Gladys Hunt on Award-Winning Books

Editor’s Note: On Monday, the American Library Association announces its annual Youth Media Awards But how many of the honored books will still be read 10 years from now?


Originally published on the Tumblon website on September 1, 2009

Do you remember the hilarious story in Homer Price* about the doughnut machine that kept spilling out doughnuts faster and faster, a gadget with no shut-off button? It’s a favorite chapter in the book for most readers. Thinking of it makes me smile.

That’s the way people feel if they want to keep up on children’s books—there is an endless supply of new ones. Someone recently sent me an email, suggesting that it would be really helpful if I would produce an email list each month recommending the best newly-published children and young adult (YA) books! She had no idea of what a super-human effort she was suggesting.

Close to ten thousand children’s and YA books are now published each year. (That was the figure Horn Book gave in 2006.) We’re drowning in books! You could say we are over-booked! Are all of these good books, you ask? Someone along the way decided on each published book; thus we can assume that every book has somebody out there who thinks this one is good—even if it’s only the author or her friends or relatives. How does one decide between good, better and best?

The writer of the email was profuse in her thanks for the lists of good books in Honey for a Child’s Heart, and told how she uses it in the library to find the best books for her children. It is a list she says she can trust. But the fourth edition came out in 2002 and there are many new books since then. So why didn’t I………

You may wonder what I told her. It’s simply this. All of us have to learn what makes a good book, the best book. Children deserve the best. Life is short! “Read the best” is my motto. That’s why there is a long bibliography at the back of my book. The accumulation of reading “the best” trains both the parent and the child to understand what makes a book good. You may not be aware of it, but if you’ve been reading good books, you simply know when a book is special. It leaves something in your heart. When you meet the new stuff, you will quickly know whether it measures up or not.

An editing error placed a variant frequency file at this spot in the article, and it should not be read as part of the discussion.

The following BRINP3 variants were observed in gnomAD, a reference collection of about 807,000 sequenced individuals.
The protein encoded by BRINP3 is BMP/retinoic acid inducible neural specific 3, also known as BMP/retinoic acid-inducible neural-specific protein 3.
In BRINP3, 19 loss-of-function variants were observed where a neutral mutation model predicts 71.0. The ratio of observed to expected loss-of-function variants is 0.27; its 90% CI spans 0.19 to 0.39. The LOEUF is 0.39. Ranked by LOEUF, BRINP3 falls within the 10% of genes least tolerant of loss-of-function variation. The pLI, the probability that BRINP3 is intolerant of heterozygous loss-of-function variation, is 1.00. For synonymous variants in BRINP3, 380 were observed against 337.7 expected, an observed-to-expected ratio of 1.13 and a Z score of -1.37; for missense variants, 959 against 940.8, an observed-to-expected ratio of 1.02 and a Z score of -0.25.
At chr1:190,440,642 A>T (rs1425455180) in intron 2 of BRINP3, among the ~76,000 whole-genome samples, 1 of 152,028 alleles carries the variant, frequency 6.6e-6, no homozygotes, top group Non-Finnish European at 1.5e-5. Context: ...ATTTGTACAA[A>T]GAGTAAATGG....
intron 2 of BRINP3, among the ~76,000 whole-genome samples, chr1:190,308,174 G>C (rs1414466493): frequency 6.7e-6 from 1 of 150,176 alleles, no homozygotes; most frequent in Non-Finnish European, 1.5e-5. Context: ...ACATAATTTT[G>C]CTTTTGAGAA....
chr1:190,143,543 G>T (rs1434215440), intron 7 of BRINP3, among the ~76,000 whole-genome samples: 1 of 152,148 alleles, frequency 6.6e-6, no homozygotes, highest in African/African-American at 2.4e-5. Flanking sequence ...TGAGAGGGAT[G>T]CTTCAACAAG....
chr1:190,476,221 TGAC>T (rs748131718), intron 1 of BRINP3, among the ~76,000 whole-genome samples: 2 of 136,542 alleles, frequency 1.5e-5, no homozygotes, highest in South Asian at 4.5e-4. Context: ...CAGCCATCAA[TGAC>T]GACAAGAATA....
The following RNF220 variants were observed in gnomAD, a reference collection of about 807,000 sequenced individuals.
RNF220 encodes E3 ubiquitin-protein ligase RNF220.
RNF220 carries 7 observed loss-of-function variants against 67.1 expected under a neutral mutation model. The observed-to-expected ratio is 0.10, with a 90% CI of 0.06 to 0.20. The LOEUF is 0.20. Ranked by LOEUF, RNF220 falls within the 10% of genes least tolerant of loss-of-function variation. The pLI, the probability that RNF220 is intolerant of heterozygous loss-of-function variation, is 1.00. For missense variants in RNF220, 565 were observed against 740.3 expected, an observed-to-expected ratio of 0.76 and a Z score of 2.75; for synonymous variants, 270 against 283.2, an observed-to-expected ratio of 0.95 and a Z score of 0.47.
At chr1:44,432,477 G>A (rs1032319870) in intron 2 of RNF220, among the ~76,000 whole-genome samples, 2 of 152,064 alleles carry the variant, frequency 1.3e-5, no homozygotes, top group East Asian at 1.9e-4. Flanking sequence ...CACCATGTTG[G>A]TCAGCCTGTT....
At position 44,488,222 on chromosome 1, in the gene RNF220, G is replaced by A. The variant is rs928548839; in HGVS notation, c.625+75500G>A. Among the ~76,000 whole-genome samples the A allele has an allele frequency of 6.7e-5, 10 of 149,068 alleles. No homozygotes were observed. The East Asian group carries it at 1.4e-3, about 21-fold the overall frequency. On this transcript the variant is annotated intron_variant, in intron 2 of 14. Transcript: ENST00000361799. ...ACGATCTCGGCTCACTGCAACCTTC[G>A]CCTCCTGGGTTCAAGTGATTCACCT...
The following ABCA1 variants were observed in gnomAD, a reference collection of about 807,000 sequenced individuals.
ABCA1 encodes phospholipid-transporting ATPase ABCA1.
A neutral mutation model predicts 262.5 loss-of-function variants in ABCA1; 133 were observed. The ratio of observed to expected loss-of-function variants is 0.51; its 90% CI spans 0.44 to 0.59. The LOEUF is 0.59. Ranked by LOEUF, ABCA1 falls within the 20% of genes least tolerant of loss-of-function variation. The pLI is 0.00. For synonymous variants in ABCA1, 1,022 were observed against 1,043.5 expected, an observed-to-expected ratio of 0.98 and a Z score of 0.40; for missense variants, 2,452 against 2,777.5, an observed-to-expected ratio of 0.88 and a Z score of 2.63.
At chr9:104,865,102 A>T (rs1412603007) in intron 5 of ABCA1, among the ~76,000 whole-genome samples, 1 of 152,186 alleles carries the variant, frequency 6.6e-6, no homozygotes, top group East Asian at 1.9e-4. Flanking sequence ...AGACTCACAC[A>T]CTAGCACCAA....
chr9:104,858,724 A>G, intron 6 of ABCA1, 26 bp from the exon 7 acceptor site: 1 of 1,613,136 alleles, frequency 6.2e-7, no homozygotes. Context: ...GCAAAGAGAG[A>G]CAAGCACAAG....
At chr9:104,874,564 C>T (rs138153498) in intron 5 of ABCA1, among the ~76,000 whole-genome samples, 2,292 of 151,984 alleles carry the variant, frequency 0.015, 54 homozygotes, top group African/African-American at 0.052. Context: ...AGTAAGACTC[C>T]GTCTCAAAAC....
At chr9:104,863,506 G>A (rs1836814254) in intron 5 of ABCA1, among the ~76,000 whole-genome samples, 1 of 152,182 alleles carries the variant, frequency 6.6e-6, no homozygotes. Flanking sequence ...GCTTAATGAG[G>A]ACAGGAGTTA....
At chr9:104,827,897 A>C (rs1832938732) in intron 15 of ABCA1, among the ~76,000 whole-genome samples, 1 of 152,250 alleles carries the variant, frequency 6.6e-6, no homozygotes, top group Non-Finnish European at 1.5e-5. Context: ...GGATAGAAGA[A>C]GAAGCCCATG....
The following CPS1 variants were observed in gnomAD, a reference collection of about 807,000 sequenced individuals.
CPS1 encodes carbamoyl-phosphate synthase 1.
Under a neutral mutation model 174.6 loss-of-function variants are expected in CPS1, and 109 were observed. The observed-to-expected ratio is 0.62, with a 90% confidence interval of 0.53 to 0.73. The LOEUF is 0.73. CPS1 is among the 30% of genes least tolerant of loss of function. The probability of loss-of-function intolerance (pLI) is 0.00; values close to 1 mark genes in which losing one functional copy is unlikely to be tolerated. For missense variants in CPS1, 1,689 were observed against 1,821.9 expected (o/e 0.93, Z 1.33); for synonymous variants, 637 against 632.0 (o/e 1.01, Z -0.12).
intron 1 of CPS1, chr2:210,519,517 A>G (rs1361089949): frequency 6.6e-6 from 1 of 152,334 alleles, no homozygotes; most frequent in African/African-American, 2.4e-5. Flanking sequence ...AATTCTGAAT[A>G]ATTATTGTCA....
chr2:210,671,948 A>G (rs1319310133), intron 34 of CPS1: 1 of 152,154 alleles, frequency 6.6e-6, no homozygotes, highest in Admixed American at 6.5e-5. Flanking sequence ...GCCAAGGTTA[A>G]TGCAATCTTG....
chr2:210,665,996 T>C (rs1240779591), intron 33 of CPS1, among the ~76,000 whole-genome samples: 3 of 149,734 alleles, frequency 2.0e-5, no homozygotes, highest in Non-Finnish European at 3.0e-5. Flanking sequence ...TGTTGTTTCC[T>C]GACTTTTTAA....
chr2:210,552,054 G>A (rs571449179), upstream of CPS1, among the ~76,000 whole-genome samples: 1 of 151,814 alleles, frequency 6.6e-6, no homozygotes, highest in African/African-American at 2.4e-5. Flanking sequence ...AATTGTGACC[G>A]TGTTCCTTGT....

Most of these ten thousand books will not be “the best.” They may present a good story, but you still know that these are not the ones you are going to share with other parents as “must-reads” or have forever on your shelves to re-read. Most of the new ones will sink into oblivion as the next ten thousand arrive. Tragically, some of the books that should be on a long-range memorable list will have trouble making it because there are just too many and they don’t get the attention or publicity they deserve.

If you have been reading “the best” to your children, you already know more than you think you know. You may have picked up some winners that are not on my list because another parent has found a good one and given a rave review. Word of mouth is always helpful. Or you may recognize new books by authors you liked. Even your children can tell you what the best is! In some ways deciding what is really good is a highly personalized issue, but there is a basic core that rings a bell in a child’s heart and in yours as well.